Oil and Gas

PEF proposes 20 percent increase in petrol freight cost

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The Federal Government is considering a 20 percent hike in the cost of freighting petrol across the country, as part of measures to boost the revenue of transport owners.

The increase would raise the cost of bridging petrol to N9.11 per litre from N7.51 in the petrol pricing template of Petroleum Products Pricing Regulatory Agency, PPPRA.

Speaking at the 21 Annual General Meeting of the National Association of Road Transport Owners, NARTO, the Executive Secretary of the Petroleum Equalisation (Management) Board, PEF, Alhaji Ahmed Bobboi said the agency was waiting for the Federal Government approval before it would commence its implementation.

He noted that government was also waiting for labour unions to get back to it as the increase was among the general agreement reached by the joint committee set by the government on the hike in the price of petrol and electricity.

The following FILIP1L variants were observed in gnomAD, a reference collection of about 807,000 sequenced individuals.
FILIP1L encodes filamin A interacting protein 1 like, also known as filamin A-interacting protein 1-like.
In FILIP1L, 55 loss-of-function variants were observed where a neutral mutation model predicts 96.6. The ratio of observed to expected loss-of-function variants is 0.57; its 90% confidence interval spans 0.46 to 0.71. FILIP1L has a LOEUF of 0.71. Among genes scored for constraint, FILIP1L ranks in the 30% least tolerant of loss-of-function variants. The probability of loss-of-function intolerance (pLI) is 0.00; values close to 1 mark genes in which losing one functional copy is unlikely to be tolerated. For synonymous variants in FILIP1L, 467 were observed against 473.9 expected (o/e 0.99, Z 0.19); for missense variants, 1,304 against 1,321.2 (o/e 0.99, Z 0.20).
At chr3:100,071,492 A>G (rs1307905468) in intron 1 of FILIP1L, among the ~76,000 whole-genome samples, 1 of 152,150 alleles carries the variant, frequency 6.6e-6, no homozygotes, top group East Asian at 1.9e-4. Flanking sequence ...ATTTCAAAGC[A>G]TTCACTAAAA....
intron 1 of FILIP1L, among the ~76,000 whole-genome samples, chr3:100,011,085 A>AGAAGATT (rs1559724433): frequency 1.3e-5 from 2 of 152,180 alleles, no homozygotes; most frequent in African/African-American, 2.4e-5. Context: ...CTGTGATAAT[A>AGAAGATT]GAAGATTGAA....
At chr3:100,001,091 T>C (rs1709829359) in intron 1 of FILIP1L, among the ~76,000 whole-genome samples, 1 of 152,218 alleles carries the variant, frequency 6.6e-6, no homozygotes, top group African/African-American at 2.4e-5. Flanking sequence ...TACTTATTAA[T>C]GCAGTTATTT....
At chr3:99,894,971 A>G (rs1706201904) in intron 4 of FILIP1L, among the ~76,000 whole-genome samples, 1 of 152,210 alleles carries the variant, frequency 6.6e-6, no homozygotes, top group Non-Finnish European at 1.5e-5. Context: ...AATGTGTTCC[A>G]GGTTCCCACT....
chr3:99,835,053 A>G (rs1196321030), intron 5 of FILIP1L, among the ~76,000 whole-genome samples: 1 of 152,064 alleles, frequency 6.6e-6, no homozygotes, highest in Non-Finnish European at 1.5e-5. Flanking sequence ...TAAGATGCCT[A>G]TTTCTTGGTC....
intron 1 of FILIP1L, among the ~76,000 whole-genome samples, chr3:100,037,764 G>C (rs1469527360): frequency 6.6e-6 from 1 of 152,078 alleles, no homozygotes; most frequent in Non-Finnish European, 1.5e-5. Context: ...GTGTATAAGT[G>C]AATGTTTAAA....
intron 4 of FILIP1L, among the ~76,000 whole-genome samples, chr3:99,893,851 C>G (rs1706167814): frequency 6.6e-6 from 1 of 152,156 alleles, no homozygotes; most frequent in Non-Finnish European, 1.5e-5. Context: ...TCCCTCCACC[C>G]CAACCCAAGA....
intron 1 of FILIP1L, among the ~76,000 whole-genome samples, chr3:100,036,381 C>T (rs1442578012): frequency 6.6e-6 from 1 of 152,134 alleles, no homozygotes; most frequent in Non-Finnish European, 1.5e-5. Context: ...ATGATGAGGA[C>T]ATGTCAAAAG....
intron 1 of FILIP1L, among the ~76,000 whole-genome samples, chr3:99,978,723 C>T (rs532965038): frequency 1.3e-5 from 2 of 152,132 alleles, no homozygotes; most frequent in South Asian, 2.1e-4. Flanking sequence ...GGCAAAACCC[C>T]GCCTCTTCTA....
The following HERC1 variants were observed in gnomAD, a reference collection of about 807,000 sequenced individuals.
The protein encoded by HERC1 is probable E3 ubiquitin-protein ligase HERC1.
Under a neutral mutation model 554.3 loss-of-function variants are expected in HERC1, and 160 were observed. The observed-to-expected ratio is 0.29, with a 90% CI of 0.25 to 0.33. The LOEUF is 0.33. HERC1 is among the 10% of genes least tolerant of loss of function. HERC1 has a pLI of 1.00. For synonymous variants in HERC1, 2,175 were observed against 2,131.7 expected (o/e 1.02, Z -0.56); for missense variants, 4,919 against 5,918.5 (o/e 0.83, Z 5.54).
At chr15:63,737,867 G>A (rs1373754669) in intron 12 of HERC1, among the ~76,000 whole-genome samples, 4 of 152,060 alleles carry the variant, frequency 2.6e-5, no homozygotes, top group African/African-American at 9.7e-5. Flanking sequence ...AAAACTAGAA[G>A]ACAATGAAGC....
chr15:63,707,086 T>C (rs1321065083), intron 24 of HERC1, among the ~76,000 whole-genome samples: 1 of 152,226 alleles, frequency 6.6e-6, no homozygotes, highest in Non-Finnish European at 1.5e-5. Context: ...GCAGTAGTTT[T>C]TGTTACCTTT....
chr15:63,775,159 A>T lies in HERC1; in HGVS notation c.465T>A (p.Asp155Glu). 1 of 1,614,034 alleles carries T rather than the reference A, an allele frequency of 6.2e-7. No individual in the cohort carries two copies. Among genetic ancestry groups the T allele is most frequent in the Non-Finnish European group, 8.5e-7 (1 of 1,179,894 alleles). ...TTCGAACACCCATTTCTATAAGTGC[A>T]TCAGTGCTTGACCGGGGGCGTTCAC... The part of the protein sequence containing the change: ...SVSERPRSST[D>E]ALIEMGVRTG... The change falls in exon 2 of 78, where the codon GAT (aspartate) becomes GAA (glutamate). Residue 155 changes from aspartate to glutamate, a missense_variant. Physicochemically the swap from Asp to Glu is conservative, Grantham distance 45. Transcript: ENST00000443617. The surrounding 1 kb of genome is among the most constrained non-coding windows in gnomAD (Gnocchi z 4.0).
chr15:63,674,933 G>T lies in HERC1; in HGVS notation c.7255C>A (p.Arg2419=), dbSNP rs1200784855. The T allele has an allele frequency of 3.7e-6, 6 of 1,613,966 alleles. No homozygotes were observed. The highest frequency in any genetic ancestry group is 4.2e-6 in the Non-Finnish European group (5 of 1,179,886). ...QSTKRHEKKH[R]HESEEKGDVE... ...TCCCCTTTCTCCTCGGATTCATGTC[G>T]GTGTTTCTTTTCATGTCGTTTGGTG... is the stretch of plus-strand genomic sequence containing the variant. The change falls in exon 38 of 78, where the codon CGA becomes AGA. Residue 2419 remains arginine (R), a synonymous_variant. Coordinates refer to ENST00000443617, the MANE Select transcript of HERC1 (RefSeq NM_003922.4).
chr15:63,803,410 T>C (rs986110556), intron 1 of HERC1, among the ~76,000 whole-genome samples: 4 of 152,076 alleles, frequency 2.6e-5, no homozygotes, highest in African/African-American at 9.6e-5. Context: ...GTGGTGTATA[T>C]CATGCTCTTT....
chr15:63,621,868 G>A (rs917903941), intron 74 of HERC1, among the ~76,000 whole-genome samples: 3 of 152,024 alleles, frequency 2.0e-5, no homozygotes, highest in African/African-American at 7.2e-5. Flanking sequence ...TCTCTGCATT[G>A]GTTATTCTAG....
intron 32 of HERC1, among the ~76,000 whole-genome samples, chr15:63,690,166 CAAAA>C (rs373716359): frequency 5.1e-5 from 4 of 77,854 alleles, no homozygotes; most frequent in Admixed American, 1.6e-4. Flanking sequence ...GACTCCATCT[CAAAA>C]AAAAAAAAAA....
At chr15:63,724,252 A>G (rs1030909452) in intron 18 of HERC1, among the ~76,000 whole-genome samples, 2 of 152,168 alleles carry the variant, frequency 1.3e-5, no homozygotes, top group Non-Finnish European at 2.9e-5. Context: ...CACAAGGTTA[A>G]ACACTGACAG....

Also speaking on the issue, the Chief Financial Officer of the Nigerian National Petroleum Corporation, NNPC, Umar Ajiya said the government considers NARTO as strategic partner in the distribution of petrol.

He said: “The Executive Secretary of PEF made a statement that there is on-going engagement between the Federal Government and the labour, and at the end of that process government will make adequate pronouncement as to the effective date of that figure as contained in the pricing template”.

He explained that in Nigeria the business of fuel distribution is substantially by tankers or trucks, with NARTO as owners.

“Without them there can be no effective distribution of petrol in Nigeria. So that they have supported the economy. They are the wheeling party who have collaborated with us to ensure that the whole nook and crannies of Nigeria are wet with petroleum products which is essential not only to transporting goods and services but also for us, moving from one place to the other”, he added.

Mr. Ajiya urged the transport owners to ensure that their tankers and drivers meet the safety standards set by government regulators for the industry to curb accidents involving petrol tankers.

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